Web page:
Tamari then adds: “But comparatively, he’s amazing. He talks about Palestinian rights, particularly emphasizing that the blockade of Gaza must end. What Palestinian would not want to see that happen? It’s urgent.”
Indeed, Sanders has shifted from initially describing Israel’s attacks on Gaza as merely “disproportionate,” to repeatedly suggesting the possibility of diverting some of the US financial aid to Israel towards Gaza. “What’s going on in Gaza right now… is absolutely inhumane; it is unacceptable; it is unsustainable,” Sanders said at the 2019 J Street conference. “So I would use the leverage – $3.8 billion is a lot of money, and we cannot give it, carte blanche, to the Israeli government or for that matter to any government at all. We have a right to demand respect for human rights and democracy.”
But Sanders does not mention the fact that refugees make up seventy percent of Gaza’s population. As Tamari put it: “We don’t have a candidate that will talk about right of return. We haven’t created that political opening yet. But we have a candidate who is advocating for conditioning military funding and opening up Gaza. That’s big.”
Another Palestinian-American activist, Haithem el-Zabri, director of the PalestineOnlineStore, also indicated he will be voting for Bernie, despite some reservations. “Bernie’s positions appear to still serve imperialism, capitalism, and Zionism,” el-Zabri wrote me. “However, he does seem reasonable and flexible and inclined towards justice, so I think it is possible for him to shift towards more progressive positions if the people demand that. I fear that a Trump second term would spell disaster for all life on this planet, so a lot is at stake here, maybe more than any election ever. And most of the other Democratic candidates are pretty much Trump Lite,” el-Zabri said, before explaining “I am supporting Bernie’s campaign because a lot is at stake and people all over the world are going to be impacted by the election results.”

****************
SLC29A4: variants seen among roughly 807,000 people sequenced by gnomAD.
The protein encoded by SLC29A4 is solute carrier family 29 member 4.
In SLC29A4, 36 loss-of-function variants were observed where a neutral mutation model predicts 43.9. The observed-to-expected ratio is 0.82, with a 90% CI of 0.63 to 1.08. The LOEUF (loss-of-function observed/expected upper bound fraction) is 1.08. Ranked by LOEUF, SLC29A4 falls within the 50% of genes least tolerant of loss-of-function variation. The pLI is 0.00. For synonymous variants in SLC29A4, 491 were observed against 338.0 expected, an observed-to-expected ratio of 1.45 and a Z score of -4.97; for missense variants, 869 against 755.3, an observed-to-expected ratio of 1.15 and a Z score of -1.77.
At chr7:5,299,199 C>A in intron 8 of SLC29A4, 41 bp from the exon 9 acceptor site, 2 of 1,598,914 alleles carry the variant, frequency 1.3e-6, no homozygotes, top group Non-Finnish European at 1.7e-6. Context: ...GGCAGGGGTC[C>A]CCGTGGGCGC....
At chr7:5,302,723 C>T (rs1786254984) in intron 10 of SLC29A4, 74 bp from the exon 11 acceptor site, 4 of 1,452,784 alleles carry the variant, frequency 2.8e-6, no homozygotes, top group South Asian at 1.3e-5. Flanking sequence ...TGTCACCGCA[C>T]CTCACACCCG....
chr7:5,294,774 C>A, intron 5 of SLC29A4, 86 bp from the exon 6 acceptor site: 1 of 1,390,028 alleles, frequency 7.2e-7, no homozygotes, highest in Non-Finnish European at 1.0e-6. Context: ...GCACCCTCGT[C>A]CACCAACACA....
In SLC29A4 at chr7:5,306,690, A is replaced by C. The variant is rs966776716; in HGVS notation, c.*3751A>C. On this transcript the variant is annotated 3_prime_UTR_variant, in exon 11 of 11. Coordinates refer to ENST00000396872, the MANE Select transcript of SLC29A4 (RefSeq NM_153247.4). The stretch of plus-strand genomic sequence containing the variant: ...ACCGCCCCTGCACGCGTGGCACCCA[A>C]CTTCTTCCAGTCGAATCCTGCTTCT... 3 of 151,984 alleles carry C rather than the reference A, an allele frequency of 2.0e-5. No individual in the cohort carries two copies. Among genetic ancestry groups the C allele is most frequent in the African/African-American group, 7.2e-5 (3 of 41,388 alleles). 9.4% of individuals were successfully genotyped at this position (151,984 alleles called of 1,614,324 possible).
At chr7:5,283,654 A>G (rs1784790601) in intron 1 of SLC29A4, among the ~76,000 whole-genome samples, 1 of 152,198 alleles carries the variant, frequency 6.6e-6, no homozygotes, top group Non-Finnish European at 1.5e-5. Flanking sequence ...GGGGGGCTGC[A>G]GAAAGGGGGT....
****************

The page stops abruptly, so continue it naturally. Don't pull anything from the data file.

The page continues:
Perhaps the strongest reservations were expressed by a Palestinian-American youth organizer who asked to remain anonymous. He wrote me that he fears Sanders’ election would be “dangerous” to Palestinian organizing. “Part of the problem for me lies in the fact that because Sanders has reached the status of ‘radical,’ this might dampen the radical imagination of the US public.”
US elections are so focused on domestic matters such as free healthcare and student loans that most people are less critical of “the ways the US empire has supported Israel,” this organizer wrote me. Sanders “gets applause just for saying Palestinians are human beings. I fear that grassroots organizing and mass mobilization for foreign policy will just not be the same” (if Sanders is elected), he said, and “a lot of white liberals will stop supporting us, because of how US politics have limited the imagination of the public.” Yet even this organizer stated that he would “probably be voting for Sanders because I don’t want Biden.”
Meanwhile, non-Palestinian advocates for Palestinian rights who disagree with Sanders on some of his views about Israel–giants like Cornel West, and emerging stars like Ilhan Omar and Alexandria Ocasio-Cortes, are also joining him at various stops on the campaign trail. Speaking at a Sanders campaign rally in Iowa, Dr. West said he supports “Brother Bernie” even if he disagrees with him on BDS, which West supports (at 58:00 in the video at the link). West speaks of his faith in Sanders’ deep humanism, expressed in such statements as “a Palestinian baby is as valuable as a Jewish baby in Tel Aviv.”
Tamari does indeed point to Sanders’s political entourage, many of whom are fully anti-Zionist, and committed to justice for Palestinians in ways Sanders does not necessarily envision: “When you look at his surrogates and confidantes, they are with us,” Tamari writes. “Omar, Tlaib, AOC, Linda Sarsour, Shaun King, Nina Turner, Cornell West. These are his people. That means these are the people who will be in his cabinet and on his advisory groups.”
Ultimately, as most Palestinians and their allies realize, in 2020, the US still does not yet have a viable anti-Zionist presidential candidate. We do know Bernie Sanders loves Israel. We do know he does not support BDS. But for the love of Palestine, and for “harm reduction,” Sanders is the candidate that most Palestinians that I know are hoping gets the Democratic nomination, and is elected US president in November 2020.